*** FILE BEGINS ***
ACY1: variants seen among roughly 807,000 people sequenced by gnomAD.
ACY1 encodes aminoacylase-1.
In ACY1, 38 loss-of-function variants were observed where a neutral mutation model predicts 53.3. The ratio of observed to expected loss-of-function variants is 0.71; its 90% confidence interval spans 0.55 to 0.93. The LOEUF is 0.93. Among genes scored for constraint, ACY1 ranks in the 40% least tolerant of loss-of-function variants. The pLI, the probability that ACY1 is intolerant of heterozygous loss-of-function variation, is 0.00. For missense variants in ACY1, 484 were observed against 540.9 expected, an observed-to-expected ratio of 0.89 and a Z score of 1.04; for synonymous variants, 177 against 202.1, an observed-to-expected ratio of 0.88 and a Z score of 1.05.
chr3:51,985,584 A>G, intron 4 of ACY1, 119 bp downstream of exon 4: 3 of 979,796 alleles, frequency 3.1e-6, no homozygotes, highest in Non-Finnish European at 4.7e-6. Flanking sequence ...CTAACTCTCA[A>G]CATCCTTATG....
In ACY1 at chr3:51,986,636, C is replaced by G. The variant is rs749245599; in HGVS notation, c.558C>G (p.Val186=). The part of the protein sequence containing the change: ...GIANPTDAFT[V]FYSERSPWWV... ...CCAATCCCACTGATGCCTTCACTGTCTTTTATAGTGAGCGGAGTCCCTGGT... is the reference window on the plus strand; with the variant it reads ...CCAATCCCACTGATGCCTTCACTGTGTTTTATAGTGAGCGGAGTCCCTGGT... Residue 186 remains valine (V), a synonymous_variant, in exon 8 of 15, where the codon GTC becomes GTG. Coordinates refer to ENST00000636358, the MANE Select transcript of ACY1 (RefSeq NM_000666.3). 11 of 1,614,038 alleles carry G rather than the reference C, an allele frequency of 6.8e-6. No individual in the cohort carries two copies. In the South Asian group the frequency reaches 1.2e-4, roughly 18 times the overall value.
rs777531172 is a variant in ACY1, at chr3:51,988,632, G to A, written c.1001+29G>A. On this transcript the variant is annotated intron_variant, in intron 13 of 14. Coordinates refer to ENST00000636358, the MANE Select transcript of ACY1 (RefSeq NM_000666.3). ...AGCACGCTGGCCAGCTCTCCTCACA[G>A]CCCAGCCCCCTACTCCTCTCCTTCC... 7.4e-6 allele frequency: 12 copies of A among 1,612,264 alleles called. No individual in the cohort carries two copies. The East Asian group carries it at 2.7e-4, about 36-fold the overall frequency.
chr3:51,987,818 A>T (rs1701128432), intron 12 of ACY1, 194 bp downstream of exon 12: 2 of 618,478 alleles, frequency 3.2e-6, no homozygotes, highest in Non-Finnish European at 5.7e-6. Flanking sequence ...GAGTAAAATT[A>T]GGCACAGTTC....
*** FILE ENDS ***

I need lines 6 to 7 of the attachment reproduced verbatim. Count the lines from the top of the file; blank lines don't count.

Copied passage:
rs777531172 is a variant in ACY1, at chr3:51,988,632, G to A, written c.1001+29G>A. On this transcript the variant is annotated intron_variant, in intron 13 of 14. Coordinates refer to ENST00000636358, the MANE Select transcript of ACY1 (RefSeq NM_000666.3). ...AGCACGCTGGCCAGCTCTCCTCACA[G>A]CCCAGCCCCCTACTCCTCTCCTTCC... 7.4e-6 allele frequency: 12 copies of A among 1,612,264 alleles called. No individual in the cohort carries two copies. The East Asian group carries it at 2.7e-4, about 36-fold the overall frequency.
chr3:51,987,818 A>T (rs1701128432), intron 12 of ACY1, 194 bp downstream of exon 12: 2 of 618,478 alleles, frequency 3.2e-6, no homozygotes, highest in Non-Finnish European at 5.7e-6. Flanking sequence ...GAGTAAAATT[A>T]GGCACAGTTC....